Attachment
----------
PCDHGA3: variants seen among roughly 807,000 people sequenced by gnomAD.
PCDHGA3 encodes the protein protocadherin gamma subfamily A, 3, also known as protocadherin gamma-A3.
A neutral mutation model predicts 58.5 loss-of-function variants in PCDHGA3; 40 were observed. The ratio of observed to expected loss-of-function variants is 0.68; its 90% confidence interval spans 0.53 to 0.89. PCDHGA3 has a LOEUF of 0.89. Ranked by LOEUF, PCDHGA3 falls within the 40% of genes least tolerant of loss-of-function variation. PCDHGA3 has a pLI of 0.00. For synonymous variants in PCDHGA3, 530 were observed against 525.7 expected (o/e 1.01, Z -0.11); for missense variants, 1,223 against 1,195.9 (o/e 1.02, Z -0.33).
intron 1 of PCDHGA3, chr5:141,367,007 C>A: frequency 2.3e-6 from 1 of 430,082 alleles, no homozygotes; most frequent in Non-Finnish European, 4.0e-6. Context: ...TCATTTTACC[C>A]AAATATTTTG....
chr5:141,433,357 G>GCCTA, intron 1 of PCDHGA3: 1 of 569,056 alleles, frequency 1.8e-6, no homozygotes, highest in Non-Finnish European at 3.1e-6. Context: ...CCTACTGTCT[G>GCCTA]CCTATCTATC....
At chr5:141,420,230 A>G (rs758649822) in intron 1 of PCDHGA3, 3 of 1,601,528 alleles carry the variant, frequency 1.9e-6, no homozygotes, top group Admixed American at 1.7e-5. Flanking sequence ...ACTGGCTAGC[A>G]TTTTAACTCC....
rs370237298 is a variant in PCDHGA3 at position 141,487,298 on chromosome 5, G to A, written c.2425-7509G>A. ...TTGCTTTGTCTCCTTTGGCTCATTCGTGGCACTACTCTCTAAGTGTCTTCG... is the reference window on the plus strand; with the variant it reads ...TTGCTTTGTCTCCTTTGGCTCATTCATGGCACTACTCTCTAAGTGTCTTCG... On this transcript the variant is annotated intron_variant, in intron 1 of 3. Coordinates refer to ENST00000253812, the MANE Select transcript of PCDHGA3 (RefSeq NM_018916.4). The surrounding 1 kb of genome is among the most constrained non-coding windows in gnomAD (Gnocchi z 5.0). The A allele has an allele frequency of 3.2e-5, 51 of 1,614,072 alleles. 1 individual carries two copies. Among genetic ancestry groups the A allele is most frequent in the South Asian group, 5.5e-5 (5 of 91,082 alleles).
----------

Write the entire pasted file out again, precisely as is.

PCDHGA3: variants seen among roughly 807,000 people sequenced by gnomAD.
PCDHGA3 encodes the protein protocadherin gamma subfamily A, 3, also known as protocadherin gamma-A3.
A neutral mutation model predicts 58.5 loss-of-function variants in PCDHGA3; 40 were observed. The ratio of observed to expected loss-of-function variants is 0.68; its 90% confidence interval spans 0.53 to 0.89. PCDHGA3 has a LOEUF of 0.89. Ranked by LOEUF, PCDHGA3 falls within the 40% of genes least tolerant of loss-of-function variation. PCDHGA3 has a pLI of 0.00. For synonymous variants in PCDHGA3, 530 were observed against 525.7 expected (o/e 1.01, Z -0.11); for missense variants, 1,223 against 1,195.9 (o/e 1.02, Z -0.33).
intron 1 of PCDHGA3, chr5:141,367,007 C>A: frequency 2.3e-6 from 1 of 430,082 alleles, no homozygotes; most frequent in Non-Finnish European, 4.0e-6. Context: ...TCATTTTACC[C>A]AAATATTTTG....
chr5:141,433,357 G>GCCTA, intron 1 of PCDHGA3: 1 of 569,056 alleles, frequency 1.8e-6, no homozygotes, highest in Non-Finnish European at 3.1e-6. Context: ...CCTACTGTCT[G>GCCTA]CCTATCTATC....
At chr5:141,420,230 A>G (rs758649822) in intron 1 of PCDHGA3, 3 of 1,601,528 alleles carry the variant, frequency 1.9e-6, no homozygotes, top group Admixed American at 1.7e-5. Flanking sequence ...ACTGGCTAGC[A>G]TTTTAACTCC....
rs370237298 is a variant in PCDHGA3 at position 141,487,298 on chromosome 5, G to A, written c.2425-7509G>A. ...TTGCTTTGTCTCCTTTGGCTCATTCGTGGCACTACTCTCTAAGTGTCTTCG... is the reference window on the plus strand; with the variant it reads ...TTGCTTTGTCTCCTTTGGCTCATTCATGGCACTACTCTCTAAGTGTCTTCG... On this transcript the variant is annotated intron_variant, in intron 1 of 3. Coordinates refer to ENST00000253812, the MANE Select transcript of PCDHGA3 (RefSeq NM_018916.4). The surrounding 1 kb of genome is among the most constrained non-coding windows in gnomAD (Gnocchi z 5.0). The A allele has an allele frequency of 3.2e-5, 51 of 1,614,072 alleles. 1 individual carries two copies. Among genetic ancestry groups the A allele is most frequent in the South Asian group, 5.5e-5 (5 of 91,082 alleles).